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robertogreco : revenge   3

There’s no emotion we ought to think harder about than anger | Aeon Essays
"Anger is the emotion that has come to saturate our politics and culture. Philosophy can help us out of this dark vortex"



"So, to put my radical claim succinctly: when anger makes sense (because focused on status), its retaliatory tendency is normatively problematic, because a single-minded focus on status impedes the pursuit of intrinsic goods. When it is normatively reasonable (because focused on the important human goods that have been damaged), its retaliatory tendency doesn’t make sense, and it is problematic for that reason. Let’s call this change of focus the Transition. We need the Transition badly in our personal and our political lives, dominated as they all too frequently are by payback and status-focus.

Sometimes a person may have an emotion that embodies the Transition already. Its entire content is: ‘How outrageous! This should not happen again.’ We may call this emotion Transition-Anger, and that emotion does not have the problems of garden-variety anger. But most people begin with everyday anger: they really do want the offender to suffer. So the Transition requires moral, and often political, effort. It requires forward-looking rationality, and a spirit of generosity and cooperation."

he struggle against anger often requires lonely self-examination. Whether the anger in question is personal, or work-related, or political, it requires exacting effort against one’s own habits and prevalent cultural forces. Many great leaders have understood this struggle, but none more deeply than Nelson Mandela. He often said that he knew anger well, and that he had to struggle against the demand for payback in his own personality. He reported that during his 27 years of imprisonment he had to practise a disciplined type of meditation to keep his personality moving forward and avoiding the anger trap. It now seems clear that the prisoners on Robben Island had smuggled in a copy of Meditations by the Stoic philosopher Marcus Aurelius, to give them a model of patient effort against the corrosions of anger.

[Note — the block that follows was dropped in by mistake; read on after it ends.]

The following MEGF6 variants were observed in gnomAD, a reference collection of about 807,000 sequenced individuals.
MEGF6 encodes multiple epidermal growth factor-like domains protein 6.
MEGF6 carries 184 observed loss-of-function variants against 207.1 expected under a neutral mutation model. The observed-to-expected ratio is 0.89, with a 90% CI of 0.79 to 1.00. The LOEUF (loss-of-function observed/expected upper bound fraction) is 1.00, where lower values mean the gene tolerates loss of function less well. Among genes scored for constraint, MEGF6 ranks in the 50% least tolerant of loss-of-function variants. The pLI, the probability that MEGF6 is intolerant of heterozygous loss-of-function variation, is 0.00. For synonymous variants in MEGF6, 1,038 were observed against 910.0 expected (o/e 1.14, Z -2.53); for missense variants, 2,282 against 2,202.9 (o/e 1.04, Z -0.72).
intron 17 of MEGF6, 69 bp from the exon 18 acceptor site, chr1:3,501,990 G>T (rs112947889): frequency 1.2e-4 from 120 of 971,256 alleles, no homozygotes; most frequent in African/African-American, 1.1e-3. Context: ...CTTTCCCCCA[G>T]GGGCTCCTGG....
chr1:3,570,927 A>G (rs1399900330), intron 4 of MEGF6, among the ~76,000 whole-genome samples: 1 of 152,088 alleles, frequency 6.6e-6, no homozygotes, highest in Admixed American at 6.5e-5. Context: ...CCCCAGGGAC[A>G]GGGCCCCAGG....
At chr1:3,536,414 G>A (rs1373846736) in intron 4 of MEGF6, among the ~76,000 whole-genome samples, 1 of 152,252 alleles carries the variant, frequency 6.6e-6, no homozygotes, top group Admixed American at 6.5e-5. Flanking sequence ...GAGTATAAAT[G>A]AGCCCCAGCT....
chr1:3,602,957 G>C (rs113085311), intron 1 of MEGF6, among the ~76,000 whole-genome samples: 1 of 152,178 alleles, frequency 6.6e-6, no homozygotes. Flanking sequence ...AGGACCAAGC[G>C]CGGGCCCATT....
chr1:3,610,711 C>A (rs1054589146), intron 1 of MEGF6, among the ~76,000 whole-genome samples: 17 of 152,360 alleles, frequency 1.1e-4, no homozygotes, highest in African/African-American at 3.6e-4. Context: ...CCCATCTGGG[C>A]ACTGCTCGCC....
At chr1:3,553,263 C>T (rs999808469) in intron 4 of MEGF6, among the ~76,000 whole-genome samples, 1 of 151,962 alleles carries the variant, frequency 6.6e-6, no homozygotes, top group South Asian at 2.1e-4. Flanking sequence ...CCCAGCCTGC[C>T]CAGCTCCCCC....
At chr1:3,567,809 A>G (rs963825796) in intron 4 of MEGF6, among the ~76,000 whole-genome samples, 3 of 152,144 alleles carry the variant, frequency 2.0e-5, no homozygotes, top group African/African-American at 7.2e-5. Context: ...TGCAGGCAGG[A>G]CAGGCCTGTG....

But Mandela was determined to win the struggle. He wanted a successful nation, even then, and he knew that there could be no successful nation when two groups were held apart by suspicion, resentment, and the desire to make the other side pay for the wrongs they had done. Even though those wrongs were terrible, cooperation was necessary for nationhood. So he did things, in that foul prison, that his fellow prisoners thought perverse. He learned Afrikaans. He studied the culture and thinking of the oppressors. He practised cooperation by forming friendships with his jailers. Generosity and friendliness were not justified by past deeds; but they were necessary for future progress.

Mandela used to tell people a little parable. Imagine that the sun and the wind are contending to see who can get a traveller to take off his blanket. The wind blows hard, aggressively. But the traveller only pulls the blanket tighter around him. Then the sun starts to shine, first gently, and then more intensely. The traveller relaxes his blanket, and eventually he takes it off. So that, he said, is how a leader has to operate: forget about the strike-back mentality, and forge a future of warmth and partnership.

Mandela was realistic. One would never have found him proposing, as did Gandhi, to convert Hitler by charm. And of course he had been willing to use violence strategically, when non-violence failed. Non-anger does not entail non-violence (although Gandhi thought it did). But he understood nationhood and the spirit that a new nation requires. Still, behind the strategic resort to violence was always a view of people that was Transitional, focused not on payback but on the creation of a shared future in the wake of outrageous and terrible deeds.